Yesterday I wrote about the wonderful mutton ribs – or pinnekjøtt – a staple on the Norwegian Christmas table. Even more popular is the svineribbe –or pork belly, as we lovingly know it in this country. In Norway, the pork belly and pork ribs played an important role even before Christianity. In Nordic mythology, pieces of ribs from the pig Sæhrimnir were eaten daily. Sæhrimnir is the pig in Valhalla, who was killed and eaten every day when Odin invited people to feast. Snorre Sturlassons’ tale “Edda” details that even though Sæhrimnir was eaten during the day, it became whole and alive again at night. We can find writings about the preparation of svineribbe all the way back to the 18th century, when the traditions of curing and drying meat started to slowly change throughout the Norwegian farmland. The appearance of ovens with stove tops also began to make it possible to cook food in the oven. Traditionally the pigs were slaughtered in the late fall, which made it possible to preserve the meat fresh if it was cold enough, until Christmas came around. Since the meat was not cured, the pork was typically consumed right away during the holidays, up to and including New Years Eve.
Few things are more mouthwatering than a perfectly cooked pork belly, with its crispy rind and juicy flesh, the true meaning of decadence. Around 60% of Norwegian households enjoy pork belly for Christmas, more popular in the south-eastern part of Norway. In my house we only started adding svineribbe to our meal when I was in my teens, but is now an important part of the plate in our family. Yearly we see Norwegian magazines and chefs contribute their “secret” to a crispy rind (i.e. the fat on the top has to be present when you buy the rib side), and while there are many wives tales and tricks invented every year, it really isn’t that difficult. While I stick with the traditional sides of boiled potatoes, sauerkraut, and mashed rutabaga w/ lingonberry sauce, people also choose to add sauteed apples and figs, while making a delicious sauce from juniper berries, the Norwegian “gjetost”(brown cheese made from the whey of goat milk), and red wine. The latter is a more modern approach to preparing the pork belly but is wildly popular. There are several types of the pork belly you can choose from. What we call the ‘thin ribs’ or tynnribbe, is the part nearest the back, this comes without the rib in, requiring a shorter cooking time. The other part is the middle rib or midtribbe, which includes the rib and part of the back bone. This part is usually a bit uneven in size and requires a longer cooking time. Lastly, we have the family rib, or familieribbe, which is the same as midtribbebut without the backbone. It does include the rib however, and is easier to cook and requires a longer cooking time than the thin ribs. Usually this is the kind to pick if you want more “bang for the buck”, i.e. more meat.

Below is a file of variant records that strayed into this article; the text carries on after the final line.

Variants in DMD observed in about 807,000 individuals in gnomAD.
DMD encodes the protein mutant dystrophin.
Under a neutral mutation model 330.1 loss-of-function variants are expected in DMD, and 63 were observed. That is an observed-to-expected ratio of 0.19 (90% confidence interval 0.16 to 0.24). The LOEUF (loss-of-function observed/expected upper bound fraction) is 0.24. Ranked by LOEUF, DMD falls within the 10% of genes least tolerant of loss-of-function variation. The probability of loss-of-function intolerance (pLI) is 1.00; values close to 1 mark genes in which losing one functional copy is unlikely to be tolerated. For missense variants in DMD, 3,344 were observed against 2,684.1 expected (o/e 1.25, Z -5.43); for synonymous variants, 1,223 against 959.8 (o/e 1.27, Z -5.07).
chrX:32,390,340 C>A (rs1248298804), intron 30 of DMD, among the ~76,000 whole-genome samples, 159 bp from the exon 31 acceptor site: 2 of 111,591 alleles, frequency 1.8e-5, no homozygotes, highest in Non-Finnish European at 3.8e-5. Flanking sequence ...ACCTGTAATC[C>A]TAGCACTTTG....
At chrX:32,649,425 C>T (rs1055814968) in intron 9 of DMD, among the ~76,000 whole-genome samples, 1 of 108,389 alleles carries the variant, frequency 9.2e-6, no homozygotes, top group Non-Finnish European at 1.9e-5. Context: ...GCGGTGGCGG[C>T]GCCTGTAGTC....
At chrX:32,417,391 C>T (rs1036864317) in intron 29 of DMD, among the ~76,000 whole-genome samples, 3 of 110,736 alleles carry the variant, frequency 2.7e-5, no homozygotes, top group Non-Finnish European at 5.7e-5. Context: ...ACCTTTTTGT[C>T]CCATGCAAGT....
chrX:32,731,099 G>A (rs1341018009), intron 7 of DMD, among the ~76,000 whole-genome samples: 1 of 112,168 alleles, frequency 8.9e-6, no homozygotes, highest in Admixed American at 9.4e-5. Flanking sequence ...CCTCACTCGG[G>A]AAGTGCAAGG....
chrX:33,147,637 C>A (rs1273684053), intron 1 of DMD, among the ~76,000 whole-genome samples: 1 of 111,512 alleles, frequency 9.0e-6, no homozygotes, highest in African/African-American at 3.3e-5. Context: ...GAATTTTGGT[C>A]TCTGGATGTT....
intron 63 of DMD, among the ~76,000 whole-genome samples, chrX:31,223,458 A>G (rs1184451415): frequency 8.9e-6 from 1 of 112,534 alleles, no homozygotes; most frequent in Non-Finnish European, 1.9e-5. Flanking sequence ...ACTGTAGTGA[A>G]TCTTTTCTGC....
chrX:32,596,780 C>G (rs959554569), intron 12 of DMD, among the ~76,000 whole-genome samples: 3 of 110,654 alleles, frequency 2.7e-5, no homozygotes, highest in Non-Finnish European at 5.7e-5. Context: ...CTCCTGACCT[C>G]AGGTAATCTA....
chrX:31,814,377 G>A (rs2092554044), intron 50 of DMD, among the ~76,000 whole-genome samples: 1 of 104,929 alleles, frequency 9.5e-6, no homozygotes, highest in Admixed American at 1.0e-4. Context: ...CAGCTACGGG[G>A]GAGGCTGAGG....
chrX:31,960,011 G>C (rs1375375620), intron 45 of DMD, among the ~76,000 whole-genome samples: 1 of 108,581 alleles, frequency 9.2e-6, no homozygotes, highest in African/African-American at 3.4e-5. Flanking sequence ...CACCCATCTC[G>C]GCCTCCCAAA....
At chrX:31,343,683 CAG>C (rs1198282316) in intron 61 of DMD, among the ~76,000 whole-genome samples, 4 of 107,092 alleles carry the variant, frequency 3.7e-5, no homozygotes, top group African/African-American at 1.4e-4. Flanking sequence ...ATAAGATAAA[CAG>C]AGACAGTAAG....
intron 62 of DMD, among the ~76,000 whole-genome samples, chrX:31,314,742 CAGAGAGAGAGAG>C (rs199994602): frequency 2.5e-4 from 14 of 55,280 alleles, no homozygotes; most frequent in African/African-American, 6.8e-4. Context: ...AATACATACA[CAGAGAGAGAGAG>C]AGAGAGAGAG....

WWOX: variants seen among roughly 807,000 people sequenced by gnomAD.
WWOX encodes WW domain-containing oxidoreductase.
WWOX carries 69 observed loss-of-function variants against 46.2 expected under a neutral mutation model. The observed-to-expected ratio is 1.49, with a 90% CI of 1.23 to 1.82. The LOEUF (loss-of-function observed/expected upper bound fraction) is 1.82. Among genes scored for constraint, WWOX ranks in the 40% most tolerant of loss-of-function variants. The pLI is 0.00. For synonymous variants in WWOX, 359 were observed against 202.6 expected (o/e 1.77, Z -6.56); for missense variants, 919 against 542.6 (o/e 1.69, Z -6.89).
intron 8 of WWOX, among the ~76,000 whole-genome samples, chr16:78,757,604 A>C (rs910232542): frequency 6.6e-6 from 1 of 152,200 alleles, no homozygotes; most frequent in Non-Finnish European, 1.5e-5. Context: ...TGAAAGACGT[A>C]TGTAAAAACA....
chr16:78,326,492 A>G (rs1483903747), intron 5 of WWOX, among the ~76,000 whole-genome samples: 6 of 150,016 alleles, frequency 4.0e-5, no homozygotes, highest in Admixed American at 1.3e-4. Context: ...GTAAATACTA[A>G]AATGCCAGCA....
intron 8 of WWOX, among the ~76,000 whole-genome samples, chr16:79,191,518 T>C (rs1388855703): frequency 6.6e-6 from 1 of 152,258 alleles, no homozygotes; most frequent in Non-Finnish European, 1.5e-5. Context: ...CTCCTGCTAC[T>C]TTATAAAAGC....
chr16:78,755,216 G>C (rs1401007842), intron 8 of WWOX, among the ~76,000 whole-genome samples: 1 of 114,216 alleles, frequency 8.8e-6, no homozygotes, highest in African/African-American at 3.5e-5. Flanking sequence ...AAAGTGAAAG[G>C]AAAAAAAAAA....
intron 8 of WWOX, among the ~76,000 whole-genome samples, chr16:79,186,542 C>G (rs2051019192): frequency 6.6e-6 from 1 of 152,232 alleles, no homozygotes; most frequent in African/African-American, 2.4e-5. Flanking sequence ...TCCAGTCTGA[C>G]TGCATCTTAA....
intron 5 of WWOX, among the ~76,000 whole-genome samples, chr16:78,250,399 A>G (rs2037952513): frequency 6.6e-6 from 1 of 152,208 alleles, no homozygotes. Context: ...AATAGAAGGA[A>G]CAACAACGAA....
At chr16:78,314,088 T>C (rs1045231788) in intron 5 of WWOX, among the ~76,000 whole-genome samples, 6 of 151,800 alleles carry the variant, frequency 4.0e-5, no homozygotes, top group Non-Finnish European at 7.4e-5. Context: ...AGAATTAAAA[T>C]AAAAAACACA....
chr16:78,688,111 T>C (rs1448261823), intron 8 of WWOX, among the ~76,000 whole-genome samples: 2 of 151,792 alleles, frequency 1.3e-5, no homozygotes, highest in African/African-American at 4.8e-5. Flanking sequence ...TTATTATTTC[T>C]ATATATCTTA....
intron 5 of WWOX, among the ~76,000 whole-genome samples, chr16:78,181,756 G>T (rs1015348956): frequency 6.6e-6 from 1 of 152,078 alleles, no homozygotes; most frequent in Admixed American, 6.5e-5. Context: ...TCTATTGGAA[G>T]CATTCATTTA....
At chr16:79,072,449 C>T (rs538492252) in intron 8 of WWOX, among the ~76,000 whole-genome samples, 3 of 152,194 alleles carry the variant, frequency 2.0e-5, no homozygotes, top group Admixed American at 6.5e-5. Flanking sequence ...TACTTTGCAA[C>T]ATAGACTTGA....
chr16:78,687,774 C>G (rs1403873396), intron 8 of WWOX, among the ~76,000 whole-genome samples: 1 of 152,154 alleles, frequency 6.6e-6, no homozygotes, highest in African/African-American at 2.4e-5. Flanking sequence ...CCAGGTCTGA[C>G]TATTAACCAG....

Here’s a recipe for a perfect SVINERIBBE, stay tuned for recipes for all the tasty side dishes that accompany this amazing meat, coming up tomorrow!
about a 5 lb-piece pork belly
kosher salt, freshly ground black pepper
About 2 days before, score the fat side and rub with a generous amount of kosher salt and freshly ground black pepper. make sure you get the seasoning all the way in between the fat and bones/meat. Cover with aluminum and place in fridge until ready to cook.
Preheat the oven to 450F. Place the rib in a roasting pan, placing the belly on top of a plate or a foundation that lets the rib slightly bend into a “u”. This allows for the fat to render off easily and avoid collecting at the top of the rib, aiding in a crispier crust. Pour about a cup or two of boiling hot water in the bottom of the pan, cover with aluminum foil and place in the middle of the oven. Cook for about 45 minutes, then remove foil, and reduce to about 400F. To aid in the crispy formation of the rib ,you can place the pan higher up in the oven. Cook for another 1.5-2.5. hours, depending on the type of rib you get (shorter for thin ribs and longer for family/middle rib). If by the end of the cooking time you still don’t have a super crispy top, you can increase the heat again to 500F or place the pork in the broiler, but be sure to pay close attention to it to avoid it from burning (you can also cover the juicy meat with aluminum foil to avoid it from overcooking). Let the pork belly rest about 20 minutes after removing it from the oven before slicing and serving. This allows for the juices to remain in and produces juicy, tasty meat!